Troiku – A Haiku Experimental Form – July 18, 2014

Carpe Diem Haiku Kai has opened a new blog on WordPress.  It’s called Carpe Diem Haiku Family – below you’ll find the link to the full post, a great read!

The post I’m writing for today ia a reprint of a post published in 2012.  If you’re interested in haiku, this post is for you.  It discusses the various forms of haiku to a new invented form called troiku:

A troika (meaning: triplet or trio) is a traditional Russian harness driving combination, using three horses abreast, usually pulling a sleigh. It differs from most other three horse combinations in that the horses are harnessed abreast. The middle horse is usually harnessed in a horse collar and shaft bow; the side horses are usually in breastcollar harness. The troika is traditionally driven so that the middle horse trots and the side horses canter; the right hand horse will be on the right lead and the left hand horse on the left lead.

The troika was developed in Russia during the 17th century and could reach on full-speed 45-50 kilometres per hour, which was at that time a very high-speed on land for vehicles.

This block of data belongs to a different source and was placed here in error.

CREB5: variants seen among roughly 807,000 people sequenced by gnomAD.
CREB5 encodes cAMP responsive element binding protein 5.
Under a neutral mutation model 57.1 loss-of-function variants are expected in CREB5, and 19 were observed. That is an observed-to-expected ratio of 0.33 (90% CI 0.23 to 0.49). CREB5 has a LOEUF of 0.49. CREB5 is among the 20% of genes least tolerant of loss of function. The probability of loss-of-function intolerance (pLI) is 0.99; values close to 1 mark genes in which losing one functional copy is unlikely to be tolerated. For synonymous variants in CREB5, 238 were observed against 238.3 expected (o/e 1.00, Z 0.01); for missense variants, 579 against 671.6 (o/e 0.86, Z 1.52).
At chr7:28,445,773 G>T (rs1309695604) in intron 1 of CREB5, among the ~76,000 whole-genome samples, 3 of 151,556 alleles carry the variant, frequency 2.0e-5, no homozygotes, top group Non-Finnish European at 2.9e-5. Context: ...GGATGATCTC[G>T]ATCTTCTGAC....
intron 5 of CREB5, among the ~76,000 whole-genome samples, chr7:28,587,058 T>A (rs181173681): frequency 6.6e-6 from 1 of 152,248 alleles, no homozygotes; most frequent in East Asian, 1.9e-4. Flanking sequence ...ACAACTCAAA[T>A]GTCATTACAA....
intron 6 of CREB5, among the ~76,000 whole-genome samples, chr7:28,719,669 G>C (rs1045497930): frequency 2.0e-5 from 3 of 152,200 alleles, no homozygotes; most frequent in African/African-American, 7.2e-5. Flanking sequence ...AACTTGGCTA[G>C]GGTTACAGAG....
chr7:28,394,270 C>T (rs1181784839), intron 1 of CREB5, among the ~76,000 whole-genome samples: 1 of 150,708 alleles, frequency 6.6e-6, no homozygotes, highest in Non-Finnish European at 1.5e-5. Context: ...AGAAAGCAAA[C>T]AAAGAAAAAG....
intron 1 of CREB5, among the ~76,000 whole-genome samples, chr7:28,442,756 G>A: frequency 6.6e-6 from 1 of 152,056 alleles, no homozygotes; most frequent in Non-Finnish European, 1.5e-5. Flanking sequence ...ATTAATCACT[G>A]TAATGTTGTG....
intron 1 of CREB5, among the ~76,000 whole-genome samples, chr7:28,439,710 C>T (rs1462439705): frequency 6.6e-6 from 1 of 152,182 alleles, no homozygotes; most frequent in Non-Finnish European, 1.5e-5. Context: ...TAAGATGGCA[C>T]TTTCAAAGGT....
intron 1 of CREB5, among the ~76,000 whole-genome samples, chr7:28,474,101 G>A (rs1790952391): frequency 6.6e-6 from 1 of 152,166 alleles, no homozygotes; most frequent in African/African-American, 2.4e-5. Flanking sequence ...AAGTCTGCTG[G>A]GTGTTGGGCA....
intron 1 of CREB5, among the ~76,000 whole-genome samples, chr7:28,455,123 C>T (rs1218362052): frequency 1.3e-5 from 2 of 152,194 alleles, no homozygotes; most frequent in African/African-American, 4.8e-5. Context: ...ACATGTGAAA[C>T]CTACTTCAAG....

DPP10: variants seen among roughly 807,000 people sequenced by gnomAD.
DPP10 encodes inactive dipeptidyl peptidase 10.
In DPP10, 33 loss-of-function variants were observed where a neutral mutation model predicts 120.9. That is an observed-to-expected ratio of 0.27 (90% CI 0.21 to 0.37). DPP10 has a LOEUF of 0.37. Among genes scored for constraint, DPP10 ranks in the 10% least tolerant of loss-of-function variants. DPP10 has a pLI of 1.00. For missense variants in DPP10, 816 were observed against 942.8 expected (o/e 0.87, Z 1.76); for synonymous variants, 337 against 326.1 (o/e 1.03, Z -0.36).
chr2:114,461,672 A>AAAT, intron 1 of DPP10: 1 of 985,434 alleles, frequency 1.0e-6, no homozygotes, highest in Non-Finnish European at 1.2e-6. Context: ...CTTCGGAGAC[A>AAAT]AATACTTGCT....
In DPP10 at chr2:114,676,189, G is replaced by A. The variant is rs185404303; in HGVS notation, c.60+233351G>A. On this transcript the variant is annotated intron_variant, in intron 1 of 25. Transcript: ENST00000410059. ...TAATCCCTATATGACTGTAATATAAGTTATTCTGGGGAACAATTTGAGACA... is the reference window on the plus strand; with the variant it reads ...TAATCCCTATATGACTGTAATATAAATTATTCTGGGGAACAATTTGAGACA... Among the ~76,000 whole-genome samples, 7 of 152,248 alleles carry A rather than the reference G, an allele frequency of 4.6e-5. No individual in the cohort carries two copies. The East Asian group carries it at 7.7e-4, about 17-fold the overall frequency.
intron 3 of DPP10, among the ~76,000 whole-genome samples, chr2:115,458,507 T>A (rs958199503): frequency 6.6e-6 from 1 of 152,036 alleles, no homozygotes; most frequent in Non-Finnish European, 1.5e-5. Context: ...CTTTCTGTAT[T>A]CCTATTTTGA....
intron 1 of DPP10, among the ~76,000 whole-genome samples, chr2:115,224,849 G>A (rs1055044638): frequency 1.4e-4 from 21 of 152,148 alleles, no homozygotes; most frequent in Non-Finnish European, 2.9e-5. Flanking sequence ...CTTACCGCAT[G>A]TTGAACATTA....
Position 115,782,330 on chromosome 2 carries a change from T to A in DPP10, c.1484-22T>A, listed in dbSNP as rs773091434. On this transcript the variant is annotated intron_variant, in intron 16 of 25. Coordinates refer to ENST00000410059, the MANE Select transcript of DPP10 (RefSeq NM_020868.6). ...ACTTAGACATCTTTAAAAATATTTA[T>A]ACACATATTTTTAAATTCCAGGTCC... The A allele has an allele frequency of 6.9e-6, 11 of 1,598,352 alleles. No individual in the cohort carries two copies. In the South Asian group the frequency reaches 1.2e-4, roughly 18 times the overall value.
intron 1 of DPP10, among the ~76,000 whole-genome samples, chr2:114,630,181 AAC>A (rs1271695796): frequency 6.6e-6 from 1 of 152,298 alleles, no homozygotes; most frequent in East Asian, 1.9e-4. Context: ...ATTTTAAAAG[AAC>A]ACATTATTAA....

OK … up to the Troiku. Compared with the troika, haiku counts three lines and the troika was driven by three horses. A troika was (mostly) a sleigh and that … my dear haijin, visitors and travelers is what a troika made a troika.
In the Troiku, the sleigh is the base haiku from which we will start.

E.g. the ‘sleigh’ of our Troiku is a haiku written by a classical (or modern) haiku poet.

 

In this Troiku form it’s the intention to write three new haiku (the horses of the troika) starting with the separated lines of the ‘sleigh’. (By the way: The Troiku is only possible in the Western way of writing haiku, without the classical “count of syllables”.)
Let’s give it a try heh …

 

https://carpediemahaikufamily.files.wordpress.com/2014/07/troika_akron.jpg

Troika – Courtesy of Carpe Diem Haiku Family

 

Chèvrefeuille used a famous poem by Basho to write his example. I’m going to use a poem by Issa:

Now we are leaving,
the butterflies can make love
to their hearts’ desire

(C) Issa

 

Now for my horses:

Now we are leaving
sun sets behind the mountains
fireflies dance wildly

the butterflies can make love
among the rose bushes
red blushing petals

to their hearts’ desire
ignoring gossiping crones
love bugs mate

Well … as a first experiment … but as Chèvrefeuille would say, not my cup of tea, but I do like trying different forms and am open to new ideas!  And now who else will try!

 

 

Carpe Diem Haiku Family